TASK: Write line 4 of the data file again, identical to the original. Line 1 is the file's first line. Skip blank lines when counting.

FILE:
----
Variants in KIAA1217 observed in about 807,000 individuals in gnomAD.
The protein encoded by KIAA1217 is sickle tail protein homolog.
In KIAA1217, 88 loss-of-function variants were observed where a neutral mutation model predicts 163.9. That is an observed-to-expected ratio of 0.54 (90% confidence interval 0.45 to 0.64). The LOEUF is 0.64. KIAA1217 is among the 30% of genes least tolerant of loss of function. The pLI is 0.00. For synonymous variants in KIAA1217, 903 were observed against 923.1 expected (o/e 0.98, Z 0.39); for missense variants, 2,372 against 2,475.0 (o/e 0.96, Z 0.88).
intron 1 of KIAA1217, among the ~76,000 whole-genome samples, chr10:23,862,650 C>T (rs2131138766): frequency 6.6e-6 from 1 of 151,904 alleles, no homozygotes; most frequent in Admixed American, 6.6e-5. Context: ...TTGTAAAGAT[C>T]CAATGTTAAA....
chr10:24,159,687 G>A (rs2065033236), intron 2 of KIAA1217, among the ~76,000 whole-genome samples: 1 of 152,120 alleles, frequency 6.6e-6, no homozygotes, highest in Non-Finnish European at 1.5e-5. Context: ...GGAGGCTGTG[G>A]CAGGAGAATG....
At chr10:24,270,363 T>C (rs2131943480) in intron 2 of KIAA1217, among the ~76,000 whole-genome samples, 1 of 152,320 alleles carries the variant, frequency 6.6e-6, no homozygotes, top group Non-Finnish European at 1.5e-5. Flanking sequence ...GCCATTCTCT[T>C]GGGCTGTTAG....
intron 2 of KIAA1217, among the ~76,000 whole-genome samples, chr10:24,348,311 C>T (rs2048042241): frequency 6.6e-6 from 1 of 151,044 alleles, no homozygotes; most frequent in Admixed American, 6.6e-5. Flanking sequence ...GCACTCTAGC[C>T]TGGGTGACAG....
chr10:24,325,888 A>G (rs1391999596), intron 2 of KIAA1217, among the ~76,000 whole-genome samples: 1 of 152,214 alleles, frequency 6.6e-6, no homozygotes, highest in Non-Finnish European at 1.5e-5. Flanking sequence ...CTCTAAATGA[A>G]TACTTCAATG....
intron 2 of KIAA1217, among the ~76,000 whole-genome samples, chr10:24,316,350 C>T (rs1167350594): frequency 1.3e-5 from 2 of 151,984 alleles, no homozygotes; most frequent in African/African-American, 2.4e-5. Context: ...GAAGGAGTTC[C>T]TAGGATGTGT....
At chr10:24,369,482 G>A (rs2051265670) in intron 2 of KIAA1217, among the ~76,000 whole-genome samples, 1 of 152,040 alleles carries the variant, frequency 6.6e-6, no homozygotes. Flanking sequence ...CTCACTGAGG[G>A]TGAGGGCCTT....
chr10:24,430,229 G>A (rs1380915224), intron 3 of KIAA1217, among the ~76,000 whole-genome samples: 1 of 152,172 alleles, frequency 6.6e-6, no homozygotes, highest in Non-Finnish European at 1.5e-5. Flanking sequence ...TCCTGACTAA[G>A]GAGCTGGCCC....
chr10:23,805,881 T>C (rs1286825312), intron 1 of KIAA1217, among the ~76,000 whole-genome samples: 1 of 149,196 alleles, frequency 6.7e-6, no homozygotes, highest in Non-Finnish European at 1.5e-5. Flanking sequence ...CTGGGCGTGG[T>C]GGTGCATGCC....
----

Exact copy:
intron 1 of KIAA1217, among the ~76,000 whole-genome samples, chr10:23,862,650 C>T (rs2131138766): frequency 6.6e-6 from 1 of 151,904 alleles, no homozygotes; most frequent in Admixed American, 6.6e-5. Context: ...TTGTAAAGAT[C>T]CAATGTTAAA....